Q. In a recent column you talked about the risks of making mortgage payments after retirement. But this left me wondering: What is the alternative? If one has a mortgage on the day of retirement and one pays it off, then 100 percent of that capital is now tied up in the house. So it has zero chance of earning anything. Are you saying: Pay off all mortgages upon retirement, or sell the home and become a renter? ---M. S, by email from Nashville

A. The answer depends on your personal balance sheet. It also depends on your income sources at retirement. You can get an idea of how the factors interrelate by considering these three examples.

The Abundant Net Worths: retired with a large pension, $1 million in taxable account assets, $500,000 in tax-deferred account assets, and a mortgage balance of $200,000 at 5.5 percent. They live in an area with high real estate taxes and a state income tax.

Their corporate pension alone is high enough that all of their Social Security benefits have been taxed well before they count any income from their retirement savings. As a result, withdrawals from IRA accounts to support mortgage payments won't cause any additional Social Security benefits to be taxed.

In addition, their real estate taxes, state income taxes, and charitable contributions put their itemized deductions above the standard deduction. So every dollar of interest deduction they add will reduce their income tax bill.

For this couple, a home mortgage amounts to modest leverage on their personal balance sheet. They can support the mortgage without any squeeze on their personal spending. For them, a mortgage can be a good thing. They are exceptions.

The Prudents: retired without a corporate pension. They have $200,000 in taxable account assets, $500,000 in tax-deferred account assets, and a $50,000 balance on their mortgage. They elect to pay off the mortgage because much of the payment is principal, not interest. Also, most of the interest won't be deductible because their itemized deductions won't be far over the standard deduction. Worse, withdrawals from their tax-deferred accounts will cause additional Social Security benefits to be taxed. In addition, reducing their taxable account assets from $200,000 to $150,000 won't materially reduce their financial flexibility.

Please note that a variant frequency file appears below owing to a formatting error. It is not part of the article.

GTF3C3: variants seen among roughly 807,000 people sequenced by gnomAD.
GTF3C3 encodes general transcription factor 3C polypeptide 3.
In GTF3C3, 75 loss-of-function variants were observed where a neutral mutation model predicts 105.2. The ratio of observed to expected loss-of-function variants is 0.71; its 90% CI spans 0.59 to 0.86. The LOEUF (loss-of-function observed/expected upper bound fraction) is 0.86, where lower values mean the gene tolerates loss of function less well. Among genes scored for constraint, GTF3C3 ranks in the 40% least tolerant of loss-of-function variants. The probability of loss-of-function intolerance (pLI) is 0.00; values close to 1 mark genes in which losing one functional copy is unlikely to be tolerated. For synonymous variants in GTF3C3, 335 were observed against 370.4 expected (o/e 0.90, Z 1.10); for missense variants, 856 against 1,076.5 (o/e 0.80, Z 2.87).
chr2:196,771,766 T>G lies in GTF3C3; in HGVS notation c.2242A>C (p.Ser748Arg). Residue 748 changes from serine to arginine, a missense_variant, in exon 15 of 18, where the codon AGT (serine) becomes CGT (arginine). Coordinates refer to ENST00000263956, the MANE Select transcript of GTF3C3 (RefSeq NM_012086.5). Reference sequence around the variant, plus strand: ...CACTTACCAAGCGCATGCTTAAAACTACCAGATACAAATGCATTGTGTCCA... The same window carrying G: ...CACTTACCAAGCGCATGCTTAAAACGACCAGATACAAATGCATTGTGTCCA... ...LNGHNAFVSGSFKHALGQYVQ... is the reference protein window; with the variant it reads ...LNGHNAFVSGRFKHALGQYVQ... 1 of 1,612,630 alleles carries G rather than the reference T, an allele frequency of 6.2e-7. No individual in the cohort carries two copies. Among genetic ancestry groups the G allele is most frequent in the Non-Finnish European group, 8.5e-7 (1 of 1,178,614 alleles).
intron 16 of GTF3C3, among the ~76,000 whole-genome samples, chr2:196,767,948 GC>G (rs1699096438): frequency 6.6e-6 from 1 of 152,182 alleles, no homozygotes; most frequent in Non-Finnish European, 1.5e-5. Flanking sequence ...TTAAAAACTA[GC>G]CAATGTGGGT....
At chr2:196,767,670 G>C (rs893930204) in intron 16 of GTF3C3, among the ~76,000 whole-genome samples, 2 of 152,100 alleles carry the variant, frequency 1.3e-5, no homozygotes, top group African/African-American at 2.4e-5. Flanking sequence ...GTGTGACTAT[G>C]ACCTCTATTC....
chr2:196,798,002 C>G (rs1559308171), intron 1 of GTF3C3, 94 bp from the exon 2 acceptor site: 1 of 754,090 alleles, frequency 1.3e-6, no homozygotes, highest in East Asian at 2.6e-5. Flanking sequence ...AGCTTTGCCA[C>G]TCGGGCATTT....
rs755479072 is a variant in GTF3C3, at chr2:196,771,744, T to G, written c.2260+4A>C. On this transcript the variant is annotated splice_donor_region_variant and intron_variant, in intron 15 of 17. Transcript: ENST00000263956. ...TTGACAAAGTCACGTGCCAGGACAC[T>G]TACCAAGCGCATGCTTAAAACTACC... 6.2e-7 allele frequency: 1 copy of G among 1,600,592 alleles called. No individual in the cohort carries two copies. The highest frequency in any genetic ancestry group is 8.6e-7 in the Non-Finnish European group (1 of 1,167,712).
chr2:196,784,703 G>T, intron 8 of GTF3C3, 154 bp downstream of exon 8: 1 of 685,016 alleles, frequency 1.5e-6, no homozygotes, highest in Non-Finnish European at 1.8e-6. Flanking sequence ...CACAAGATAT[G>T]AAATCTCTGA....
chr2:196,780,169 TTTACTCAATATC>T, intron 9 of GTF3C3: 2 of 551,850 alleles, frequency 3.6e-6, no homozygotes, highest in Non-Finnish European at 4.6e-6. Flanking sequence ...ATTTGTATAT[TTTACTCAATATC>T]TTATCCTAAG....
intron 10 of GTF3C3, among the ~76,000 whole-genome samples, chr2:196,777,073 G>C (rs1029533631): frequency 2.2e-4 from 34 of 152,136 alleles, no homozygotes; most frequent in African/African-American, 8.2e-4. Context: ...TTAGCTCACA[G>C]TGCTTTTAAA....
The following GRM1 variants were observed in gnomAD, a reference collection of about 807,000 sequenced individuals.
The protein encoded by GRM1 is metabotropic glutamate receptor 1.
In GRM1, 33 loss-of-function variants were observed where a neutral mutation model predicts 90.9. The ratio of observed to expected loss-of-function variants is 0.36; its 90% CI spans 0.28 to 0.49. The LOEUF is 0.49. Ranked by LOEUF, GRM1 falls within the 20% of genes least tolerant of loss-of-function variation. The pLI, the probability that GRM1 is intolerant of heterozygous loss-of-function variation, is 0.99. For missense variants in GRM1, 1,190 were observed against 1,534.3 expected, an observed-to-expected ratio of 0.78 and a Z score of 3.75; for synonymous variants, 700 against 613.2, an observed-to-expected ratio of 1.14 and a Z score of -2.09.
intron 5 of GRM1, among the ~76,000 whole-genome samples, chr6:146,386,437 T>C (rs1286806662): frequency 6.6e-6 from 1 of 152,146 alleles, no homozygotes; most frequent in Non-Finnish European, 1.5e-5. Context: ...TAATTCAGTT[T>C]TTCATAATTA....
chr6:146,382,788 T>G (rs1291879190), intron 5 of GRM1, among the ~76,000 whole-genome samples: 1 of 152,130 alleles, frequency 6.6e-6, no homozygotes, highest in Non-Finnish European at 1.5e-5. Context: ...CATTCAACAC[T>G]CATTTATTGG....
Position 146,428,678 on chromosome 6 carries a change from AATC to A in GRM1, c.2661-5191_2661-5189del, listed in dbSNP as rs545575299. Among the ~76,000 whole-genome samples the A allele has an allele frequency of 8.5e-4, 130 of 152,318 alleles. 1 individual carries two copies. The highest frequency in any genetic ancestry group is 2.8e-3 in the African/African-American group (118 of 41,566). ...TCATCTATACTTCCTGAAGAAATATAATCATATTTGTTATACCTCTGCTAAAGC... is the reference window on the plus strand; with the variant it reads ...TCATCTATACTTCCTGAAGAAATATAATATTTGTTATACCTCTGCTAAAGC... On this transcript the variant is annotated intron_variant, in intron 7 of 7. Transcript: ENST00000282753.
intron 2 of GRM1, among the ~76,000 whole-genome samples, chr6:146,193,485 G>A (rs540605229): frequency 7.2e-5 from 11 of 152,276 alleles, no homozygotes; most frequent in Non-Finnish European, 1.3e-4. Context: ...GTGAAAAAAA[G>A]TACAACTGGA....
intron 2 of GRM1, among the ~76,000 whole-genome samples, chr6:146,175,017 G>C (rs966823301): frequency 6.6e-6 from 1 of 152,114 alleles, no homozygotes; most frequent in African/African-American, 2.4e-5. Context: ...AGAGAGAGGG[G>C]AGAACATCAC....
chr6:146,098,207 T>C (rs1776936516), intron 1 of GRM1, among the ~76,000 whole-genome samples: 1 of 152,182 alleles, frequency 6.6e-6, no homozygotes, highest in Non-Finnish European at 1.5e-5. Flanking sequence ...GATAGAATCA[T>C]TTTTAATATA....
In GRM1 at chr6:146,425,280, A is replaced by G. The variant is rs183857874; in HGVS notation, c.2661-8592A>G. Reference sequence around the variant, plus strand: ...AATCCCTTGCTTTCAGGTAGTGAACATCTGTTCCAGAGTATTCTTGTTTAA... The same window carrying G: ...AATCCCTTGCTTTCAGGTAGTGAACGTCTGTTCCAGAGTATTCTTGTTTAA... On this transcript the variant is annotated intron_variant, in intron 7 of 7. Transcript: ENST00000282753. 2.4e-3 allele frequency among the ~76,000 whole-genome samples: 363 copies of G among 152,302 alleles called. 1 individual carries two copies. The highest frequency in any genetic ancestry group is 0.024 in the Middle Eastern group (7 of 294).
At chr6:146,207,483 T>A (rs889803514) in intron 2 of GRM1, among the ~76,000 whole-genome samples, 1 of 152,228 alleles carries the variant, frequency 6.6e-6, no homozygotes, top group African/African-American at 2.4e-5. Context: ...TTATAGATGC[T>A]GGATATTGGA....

While the money they take from their taxable account to pay off the mortgage might earn more than the 5.5 percent interest they are paying, they know that getting a return of 5.5 percent is neither easy nor without risk.

The Housepoors: retired without a corporate pension. They have $100,000 in taxable account assets, $200,000 in tax-deferred account assets and a $100,000 balance on their mortgage. Fortunately, their house is worth $400,000. If they pay off the mortgage from their taxable accounts, they will have no flexible financial assets. Every dollar taken from their remaining tax-deferred financial assets will add a dollar to their taxable income. Worse, it may trigger the taxation of 50 cents to 85 cents of Social Security benefits.

Basically, having a mortgage on their house will commit them to a level of expenses that is likely to force them to make excessive withdrawals from their financial assets. It will increase the odds that they will run out of money long before they die.

The best thing the Housepoors can do is downsize their house. That would allow them to put their $300,000 of home equity to better use. By moving to a smaller $200,000 house, for instance, they can pay cash and still increase their financial assets by $100,000. They won't have a mortgage payment, their home operating expenses will decrease, and their investment income will increase. Overall, its a better balance for retirement. (Note: I am not considering sales commissions, etc., in these figures.)

This is not a one-size-fits-all question. Nor is it a simple matter of assuming that your home equity could be earning much more. For most people approaching retirement, paying off a mortgage is the surest way to (1) reduce cash flow requirements and (2) bag an effective yield that is higher than you can get in most fixed-income mutual funds without the risk.

To put the yield issue in some perspective, most home mortgages have interest rates between 5 percent and 6 percent. According to the Morningstar mutual fund database, there were some 3,700 fixed-income mutual funds. Their average trailing 12-month yield at the end of September was only 4.69 percent.